I should have known better. Monica favored her mother, who arrived clutching a Bible. Her father was the kind of dour man I immediately associated with the kind of Christians who had no sense of humor.
I wondered if they were Catholic. If so, I could set Father Will on them. Or even, I thought wryly, Sarael.
They walked into the area outside the room. “Who’s that?” her father asked of the nurse.
“A friend of hers.”
“Oh, really?” He turned to face me. “One of the bimbos she works with, no doubt.”
I decided to try for some, as Christians say, burning coals and offered my hand. “Jane Rudi. I’m a friend of Monica’s.”
He refused to take it while his wife, who seemed to be almost trembling, moved to talk to the doctors.
“No doubt one of the people who influenced her to refuse treatment.”
I shook my head. “I’ve been trying to get her to look after herself better. She made her choices.”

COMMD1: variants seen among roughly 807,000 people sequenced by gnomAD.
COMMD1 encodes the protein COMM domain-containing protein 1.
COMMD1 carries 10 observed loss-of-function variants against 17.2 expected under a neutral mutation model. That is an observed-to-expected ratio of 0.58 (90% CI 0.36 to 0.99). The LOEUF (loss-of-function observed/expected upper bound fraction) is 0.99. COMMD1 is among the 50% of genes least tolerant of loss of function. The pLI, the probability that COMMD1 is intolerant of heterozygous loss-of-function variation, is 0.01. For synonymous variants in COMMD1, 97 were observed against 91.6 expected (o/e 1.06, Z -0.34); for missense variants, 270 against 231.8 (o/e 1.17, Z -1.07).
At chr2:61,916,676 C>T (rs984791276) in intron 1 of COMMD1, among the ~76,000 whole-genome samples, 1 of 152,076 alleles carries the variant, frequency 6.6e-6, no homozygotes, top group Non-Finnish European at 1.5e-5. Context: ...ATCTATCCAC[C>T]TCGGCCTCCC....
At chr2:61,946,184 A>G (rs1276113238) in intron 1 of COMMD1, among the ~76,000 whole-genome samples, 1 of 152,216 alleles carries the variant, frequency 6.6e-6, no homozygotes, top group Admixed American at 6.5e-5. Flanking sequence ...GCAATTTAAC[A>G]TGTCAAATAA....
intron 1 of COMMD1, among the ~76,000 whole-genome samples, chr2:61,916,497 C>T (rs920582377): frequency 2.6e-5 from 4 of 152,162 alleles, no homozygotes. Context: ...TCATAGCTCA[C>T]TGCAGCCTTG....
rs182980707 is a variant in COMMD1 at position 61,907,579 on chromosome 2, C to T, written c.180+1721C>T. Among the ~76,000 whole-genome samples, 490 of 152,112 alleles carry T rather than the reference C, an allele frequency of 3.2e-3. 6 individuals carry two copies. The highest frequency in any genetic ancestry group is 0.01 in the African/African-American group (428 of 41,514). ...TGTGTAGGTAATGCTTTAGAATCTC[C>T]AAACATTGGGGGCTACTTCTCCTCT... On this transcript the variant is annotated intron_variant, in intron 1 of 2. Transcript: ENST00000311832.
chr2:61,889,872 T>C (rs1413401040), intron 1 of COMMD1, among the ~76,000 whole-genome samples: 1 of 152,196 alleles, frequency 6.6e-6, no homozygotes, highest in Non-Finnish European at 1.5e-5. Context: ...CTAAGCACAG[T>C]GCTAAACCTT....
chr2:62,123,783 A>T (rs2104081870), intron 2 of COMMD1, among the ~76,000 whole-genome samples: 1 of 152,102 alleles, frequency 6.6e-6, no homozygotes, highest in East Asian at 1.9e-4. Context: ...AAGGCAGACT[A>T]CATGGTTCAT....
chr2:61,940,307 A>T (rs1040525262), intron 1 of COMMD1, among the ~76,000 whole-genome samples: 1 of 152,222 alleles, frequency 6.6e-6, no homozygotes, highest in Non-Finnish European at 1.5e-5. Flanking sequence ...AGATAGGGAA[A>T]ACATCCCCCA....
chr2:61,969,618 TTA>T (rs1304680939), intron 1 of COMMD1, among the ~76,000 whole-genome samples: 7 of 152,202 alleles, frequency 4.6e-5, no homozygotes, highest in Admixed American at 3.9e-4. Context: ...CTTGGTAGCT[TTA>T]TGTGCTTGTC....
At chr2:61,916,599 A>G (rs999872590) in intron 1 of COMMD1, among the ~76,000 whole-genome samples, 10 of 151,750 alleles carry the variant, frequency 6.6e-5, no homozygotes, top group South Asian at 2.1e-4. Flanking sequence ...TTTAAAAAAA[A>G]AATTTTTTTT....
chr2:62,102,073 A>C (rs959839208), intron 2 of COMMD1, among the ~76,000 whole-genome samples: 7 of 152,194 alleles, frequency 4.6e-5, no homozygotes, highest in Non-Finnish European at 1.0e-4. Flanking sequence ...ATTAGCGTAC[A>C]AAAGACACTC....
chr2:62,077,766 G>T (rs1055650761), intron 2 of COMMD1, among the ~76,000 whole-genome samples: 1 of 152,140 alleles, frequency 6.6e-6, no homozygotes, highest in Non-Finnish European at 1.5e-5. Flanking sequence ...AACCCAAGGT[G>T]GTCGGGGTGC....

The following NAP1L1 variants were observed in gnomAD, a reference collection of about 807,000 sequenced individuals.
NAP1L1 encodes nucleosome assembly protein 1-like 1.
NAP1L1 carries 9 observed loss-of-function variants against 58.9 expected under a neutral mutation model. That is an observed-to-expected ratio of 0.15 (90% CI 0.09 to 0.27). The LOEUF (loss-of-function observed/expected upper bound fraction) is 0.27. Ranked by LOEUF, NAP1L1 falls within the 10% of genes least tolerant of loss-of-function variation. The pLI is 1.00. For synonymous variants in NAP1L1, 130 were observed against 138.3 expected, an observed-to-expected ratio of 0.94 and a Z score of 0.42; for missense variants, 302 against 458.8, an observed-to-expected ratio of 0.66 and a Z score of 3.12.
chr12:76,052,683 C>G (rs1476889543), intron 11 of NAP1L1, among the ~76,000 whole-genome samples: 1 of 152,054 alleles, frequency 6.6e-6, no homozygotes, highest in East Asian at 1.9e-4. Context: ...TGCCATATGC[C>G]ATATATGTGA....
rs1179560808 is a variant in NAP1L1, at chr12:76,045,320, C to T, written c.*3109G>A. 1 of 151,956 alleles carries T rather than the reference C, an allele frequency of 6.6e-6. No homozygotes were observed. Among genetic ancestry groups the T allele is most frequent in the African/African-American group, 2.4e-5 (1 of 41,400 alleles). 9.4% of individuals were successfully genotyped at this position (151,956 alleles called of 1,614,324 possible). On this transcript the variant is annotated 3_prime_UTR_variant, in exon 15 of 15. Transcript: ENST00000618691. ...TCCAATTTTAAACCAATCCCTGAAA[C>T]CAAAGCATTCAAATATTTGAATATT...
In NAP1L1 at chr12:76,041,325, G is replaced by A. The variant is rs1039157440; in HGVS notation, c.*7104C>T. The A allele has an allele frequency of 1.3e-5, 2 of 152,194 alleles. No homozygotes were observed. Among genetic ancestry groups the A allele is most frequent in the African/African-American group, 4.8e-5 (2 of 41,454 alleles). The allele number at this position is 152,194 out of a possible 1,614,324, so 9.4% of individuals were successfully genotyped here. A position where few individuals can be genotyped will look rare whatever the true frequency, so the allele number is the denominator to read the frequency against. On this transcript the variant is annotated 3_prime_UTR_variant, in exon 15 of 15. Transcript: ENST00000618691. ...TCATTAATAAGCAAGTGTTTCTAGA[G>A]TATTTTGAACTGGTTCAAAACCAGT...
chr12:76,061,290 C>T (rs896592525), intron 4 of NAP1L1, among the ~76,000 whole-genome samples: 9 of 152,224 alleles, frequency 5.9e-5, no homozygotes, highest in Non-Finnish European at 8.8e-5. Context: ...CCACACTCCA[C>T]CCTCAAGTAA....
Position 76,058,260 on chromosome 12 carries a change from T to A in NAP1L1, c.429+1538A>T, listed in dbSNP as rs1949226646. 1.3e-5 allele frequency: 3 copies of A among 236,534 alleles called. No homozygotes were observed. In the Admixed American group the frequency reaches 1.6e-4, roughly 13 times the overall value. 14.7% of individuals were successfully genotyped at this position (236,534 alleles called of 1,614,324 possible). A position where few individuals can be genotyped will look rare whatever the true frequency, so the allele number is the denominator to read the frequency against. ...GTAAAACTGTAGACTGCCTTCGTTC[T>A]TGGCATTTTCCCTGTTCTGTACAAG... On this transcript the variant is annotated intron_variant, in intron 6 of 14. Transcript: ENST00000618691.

“Pheh. Without consulting anyone important.” From the way he said important, he didn’t include me in that.
“You must know how stubborn she is.”
That actually caused him to soften. “Stubborn. Never willing to accept the natural order of things.”
I hoped nobody told this man I was a lesbian. “Natural order?”
“That she was made a woman, and woman is subservient to man.” His eyes flashed. “I’m sure you…” He gave me an elevator stare, and it wasn’t a nice one. “…are just as unnatural.”
Oh, if he only knew. “I only know her wishes, and that she didn’t want to spend weeks in a hospital bed.”
“If that’s God’s will. Of course, if she’d…”
He was about to say that if Monica had done as she was told, whatever she was told, she would not be sick. I decided I couldn’t stand this conversation any more. “Excuse me. I need to…”
And I fled to the one place safe from him – the nearest ladies room. I splashed water on my face, not caring that it would ruin my makeup.
“Gods, what a…”
A nurse had followed me inside. “Asshole?”
“Patriarchal piece of…” I tailed off. “Guy thinks his daughter has cancer because she wouldn’t submit to him in all ways.”
“Oh. One of those. Is he prescribing prayer?”
“No, he wants to keep her alive as long as possible when she wants no heroic measures.”
“That’s almost worse.” The woman offered me a hug.
She was a total stranger.
I took it anyway.